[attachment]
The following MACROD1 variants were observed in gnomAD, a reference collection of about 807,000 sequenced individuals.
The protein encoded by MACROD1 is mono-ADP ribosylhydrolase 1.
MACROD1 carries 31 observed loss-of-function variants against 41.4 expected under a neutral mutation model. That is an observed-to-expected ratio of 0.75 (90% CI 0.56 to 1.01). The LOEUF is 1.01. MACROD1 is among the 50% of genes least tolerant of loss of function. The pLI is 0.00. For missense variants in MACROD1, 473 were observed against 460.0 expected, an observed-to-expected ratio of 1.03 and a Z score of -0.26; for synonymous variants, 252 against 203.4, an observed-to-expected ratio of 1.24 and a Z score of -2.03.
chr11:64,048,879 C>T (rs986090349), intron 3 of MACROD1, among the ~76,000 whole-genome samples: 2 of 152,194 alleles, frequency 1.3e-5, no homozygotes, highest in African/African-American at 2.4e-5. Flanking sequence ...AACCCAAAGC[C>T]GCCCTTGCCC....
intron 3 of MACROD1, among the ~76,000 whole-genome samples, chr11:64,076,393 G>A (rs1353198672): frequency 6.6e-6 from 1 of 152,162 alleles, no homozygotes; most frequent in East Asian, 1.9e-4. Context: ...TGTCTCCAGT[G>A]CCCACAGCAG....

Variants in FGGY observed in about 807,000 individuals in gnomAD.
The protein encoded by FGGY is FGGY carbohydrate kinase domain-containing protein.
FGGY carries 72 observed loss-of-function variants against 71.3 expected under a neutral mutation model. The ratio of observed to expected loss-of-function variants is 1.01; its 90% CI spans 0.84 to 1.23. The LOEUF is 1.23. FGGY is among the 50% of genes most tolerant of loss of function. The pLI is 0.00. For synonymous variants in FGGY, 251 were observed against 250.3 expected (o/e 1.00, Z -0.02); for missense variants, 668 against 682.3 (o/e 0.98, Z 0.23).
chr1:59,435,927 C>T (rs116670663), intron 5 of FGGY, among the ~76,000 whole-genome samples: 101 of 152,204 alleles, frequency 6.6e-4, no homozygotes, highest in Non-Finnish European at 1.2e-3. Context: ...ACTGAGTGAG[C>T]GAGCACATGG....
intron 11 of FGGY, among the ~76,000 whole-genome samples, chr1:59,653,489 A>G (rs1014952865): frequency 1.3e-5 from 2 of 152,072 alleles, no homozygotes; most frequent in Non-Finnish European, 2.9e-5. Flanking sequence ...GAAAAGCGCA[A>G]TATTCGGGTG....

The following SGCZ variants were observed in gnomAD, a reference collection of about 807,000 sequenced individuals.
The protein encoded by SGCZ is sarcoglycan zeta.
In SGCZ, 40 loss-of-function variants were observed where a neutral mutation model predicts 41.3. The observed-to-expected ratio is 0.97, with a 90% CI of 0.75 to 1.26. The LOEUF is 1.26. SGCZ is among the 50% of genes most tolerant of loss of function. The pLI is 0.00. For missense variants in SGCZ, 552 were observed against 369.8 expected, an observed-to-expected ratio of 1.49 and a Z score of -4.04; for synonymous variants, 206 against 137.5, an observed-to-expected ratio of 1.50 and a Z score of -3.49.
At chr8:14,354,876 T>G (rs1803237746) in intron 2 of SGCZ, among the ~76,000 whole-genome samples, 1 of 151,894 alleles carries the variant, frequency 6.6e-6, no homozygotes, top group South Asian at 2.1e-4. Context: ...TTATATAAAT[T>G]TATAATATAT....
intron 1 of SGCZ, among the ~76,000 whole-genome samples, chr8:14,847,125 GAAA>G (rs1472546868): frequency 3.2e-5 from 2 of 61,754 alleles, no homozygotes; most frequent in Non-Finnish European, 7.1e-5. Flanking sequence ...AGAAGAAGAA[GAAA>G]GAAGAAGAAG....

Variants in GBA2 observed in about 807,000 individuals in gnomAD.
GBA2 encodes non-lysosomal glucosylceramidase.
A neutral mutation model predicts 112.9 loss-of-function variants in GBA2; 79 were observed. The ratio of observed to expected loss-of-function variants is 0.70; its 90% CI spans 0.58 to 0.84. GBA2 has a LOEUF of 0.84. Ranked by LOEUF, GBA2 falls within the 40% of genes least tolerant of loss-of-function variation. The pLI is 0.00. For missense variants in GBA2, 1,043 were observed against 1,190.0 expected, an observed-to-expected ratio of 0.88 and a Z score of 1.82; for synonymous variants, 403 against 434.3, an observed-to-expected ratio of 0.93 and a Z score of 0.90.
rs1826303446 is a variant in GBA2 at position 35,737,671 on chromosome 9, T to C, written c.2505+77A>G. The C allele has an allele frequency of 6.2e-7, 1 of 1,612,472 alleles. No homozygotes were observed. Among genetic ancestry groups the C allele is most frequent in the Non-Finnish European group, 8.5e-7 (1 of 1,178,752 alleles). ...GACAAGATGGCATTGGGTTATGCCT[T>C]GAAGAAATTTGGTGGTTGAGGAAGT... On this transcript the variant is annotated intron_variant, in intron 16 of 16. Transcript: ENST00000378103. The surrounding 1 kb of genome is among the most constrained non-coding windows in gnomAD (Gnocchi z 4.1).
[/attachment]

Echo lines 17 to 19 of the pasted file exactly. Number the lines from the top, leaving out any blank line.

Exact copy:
GBA2 encodes non-lysosomal glucosylceramidase.
A neutral mutation model predicts 112.9 loss-of-function variants in GBA2; 79 were observed. The ratio of observed to expected loss-of-function variants is 0.70; its 90% CI spans 0.58 to 0.84. GBA2 has a LOEUF of 0.84. Ranked by LOEUF, GBA2 falls within the 40% of genes least tolerant of loss-of-function variation. The pLI is 0.00. For missense variants in GBA2, 1,043 were observed against 1,190.0 expected, an observed-to-expected ratio of 0.88 and a Z score of 1.82; for synonymous variants, 403 against 434.3, an observed-to-expected ratio of 0.93 and a Z score of 0.90.
rs1826303446 is a variant in GBA2 at position 35,737,671 on chromosome 9, T to C, written c.2505+77A>G. The C allele has an allele frequency of 6.2e-7, 1 of 1,612,472 alleles. No homozygotes were observed. Among genetic ancestry groups the C allele is most frequent in the Non-Finnish European group, 8.5e-7 (1 of 1,178,752 alleles). ...GACAAGATGGCATTGGGTTATGCCT[T>C]GAAGAAATTTGGTGGTTGAGGAAGT... On this transcript the variant is annotated intron_variant, in intron 16 of 16. Transcript: ENST00000378103. The surrounding 1 kb of genome is among the most constrained non-coding windows in gnomAD (Gnocchi z 4.1).